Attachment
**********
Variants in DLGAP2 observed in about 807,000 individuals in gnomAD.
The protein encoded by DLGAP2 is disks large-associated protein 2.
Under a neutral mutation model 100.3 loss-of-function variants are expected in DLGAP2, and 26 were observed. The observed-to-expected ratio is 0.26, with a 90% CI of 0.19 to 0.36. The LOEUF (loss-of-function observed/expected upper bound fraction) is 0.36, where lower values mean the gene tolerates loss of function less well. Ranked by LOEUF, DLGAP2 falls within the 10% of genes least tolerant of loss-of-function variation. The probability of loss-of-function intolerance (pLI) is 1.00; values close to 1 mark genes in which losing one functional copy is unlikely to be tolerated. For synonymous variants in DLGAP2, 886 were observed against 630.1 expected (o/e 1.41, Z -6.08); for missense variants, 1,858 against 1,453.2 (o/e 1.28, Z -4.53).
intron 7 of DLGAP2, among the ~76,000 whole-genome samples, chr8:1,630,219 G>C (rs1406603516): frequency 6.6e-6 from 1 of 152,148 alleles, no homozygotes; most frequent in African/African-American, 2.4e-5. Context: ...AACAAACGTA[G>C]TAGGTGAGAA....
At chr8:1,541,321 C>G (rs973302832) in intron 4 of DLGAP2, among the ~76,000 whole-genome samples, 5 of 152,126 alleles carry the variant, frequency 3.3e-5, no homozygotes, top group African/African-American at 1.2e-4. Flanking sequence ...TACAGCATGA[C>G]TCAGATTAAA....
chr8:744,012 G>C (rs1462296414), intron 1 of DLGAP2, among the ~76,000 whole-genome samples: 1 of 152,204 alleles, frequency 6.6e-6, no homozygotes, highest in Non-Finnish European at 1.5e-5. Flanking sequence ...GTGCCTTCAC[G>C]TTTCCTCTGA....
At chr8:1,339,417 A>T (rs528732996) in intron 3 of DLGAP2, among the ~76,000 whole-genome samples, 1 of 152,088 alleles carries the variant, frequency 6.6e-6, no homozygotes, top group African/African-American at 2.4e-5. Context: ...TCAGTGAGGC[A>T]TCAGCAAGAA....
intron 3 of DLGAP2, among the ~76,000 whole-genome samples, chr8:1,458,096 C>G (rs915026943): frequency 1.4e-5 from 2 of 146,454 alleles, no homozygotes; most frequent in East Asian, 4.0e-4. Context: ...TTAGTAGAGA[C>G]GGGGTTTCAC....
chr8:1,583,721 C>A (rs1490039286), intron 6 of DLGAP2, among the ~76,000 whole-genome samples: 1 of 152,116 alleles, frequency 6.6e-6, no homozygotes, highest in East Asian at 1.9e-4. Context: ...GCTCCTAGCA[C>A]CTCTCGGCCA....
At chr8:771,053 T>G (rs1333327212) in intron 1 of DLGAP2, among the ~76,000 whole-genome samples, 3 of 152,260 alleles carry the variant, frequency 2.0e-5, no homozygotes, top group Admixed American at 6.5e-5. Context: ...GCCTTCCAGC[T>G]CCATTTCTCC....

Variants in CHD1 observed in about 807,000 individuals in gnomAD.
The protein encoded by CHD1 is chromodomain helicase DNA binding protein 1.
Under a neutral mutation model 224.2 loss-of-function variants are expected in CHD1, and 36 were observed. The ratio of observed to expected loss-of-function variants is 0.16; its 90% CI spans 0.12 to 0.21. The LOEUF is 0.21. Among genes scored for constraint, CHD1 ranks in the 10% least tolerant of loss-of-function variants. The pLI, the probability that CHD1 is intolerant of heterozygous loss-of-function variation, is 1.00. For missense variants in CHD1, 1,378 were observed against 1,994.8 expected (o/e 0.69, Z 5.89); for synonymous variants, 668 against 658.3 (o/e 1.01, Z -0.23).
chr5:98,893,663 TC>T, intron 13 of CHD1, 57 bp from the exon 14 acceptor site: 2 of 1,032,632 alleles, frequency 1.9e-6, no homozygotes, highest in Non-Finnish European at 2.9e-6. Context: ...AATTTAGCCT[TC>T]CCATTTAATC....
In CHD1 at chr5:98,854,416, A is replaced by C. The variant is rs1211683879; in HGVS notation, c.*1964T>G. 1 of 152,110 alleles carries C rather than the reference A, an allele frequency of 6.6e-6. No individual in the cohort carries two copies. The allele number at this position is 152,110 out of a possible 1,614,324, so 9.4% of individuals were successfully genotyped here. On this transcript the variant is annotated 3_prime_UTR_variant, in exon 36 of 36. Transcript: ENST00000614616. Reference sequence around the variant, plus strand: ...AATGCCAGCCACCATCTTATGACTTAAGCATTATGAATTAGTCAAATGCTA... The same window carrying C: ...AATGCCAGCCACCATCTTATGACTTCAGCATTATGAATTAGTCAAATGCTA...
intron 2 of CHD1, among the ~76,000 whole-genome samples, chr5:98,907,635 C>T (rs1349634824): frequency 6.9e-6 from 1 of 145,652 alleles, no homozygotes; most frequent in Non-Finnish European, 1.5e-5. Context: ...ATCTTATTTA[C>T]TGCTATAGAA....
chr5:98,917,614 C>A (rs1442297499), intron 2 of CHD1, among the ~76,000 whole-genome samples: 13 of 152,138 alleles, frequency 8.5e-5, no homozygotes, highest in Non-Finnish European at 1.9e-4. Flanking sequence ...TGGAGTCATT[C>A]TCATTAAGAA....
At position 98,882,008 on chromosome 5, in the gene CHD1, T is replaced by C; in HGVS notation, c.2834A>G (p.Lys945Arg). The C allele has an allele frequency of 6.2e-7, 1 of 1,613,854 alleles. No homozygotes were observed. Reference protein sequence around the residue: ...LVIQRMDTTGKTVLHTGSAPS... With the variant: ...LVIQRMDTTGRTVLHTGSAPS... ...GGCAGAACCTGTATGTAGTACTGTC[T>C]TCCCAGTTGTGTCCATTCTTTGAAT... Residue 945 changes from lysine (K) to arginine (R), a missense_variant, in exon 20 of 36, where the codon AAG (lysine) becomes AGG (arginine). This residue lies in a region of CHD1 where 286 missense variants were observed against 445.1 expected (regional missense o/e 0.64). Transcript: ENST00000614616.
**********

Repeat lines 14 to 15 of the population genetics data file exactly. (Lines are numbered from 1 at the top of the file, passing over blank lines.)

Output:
chr5:98,893,663 TC>T, intron 13 of CHD1, 57 bp from the exon 14 acceptor site: 2 of 1,032,632 alleles, frequency 1.9e-6, no homozygotes, highest in Non-Finnish European at 2.9e-6. Context: ...AATTTAGCCT[TC>T]CCATTTAATC....
In CHD1 at chr5:98,854,416, A is replaced by C. The variant is rs1211683879; in HGVS notation, c.*1964T>G. 1 of 152,110 alleles carries C rather than the reference A, an allele frequency of 6.6e-6. No individual in the cohort carries two copies. The allele number at this position is 152,110 out of a possible 1,614,324, so 9.4% of individuals were successfully genotyped here. On this transcript the variant is annotated 3_prime_UTR_variant, in exon 36 of 36. Transcript: ENST00000614616. Reference sequence around the variant, plus strand: ...AATGCCAGCCACCATCTTATGACTTAAGCATTATGAATTAGTCAAATGCTA... The same window carrying C: ...AATGCCAGCCACCATCTTATGACTTCAGCATTATGAATTAGTCAAATGCTA...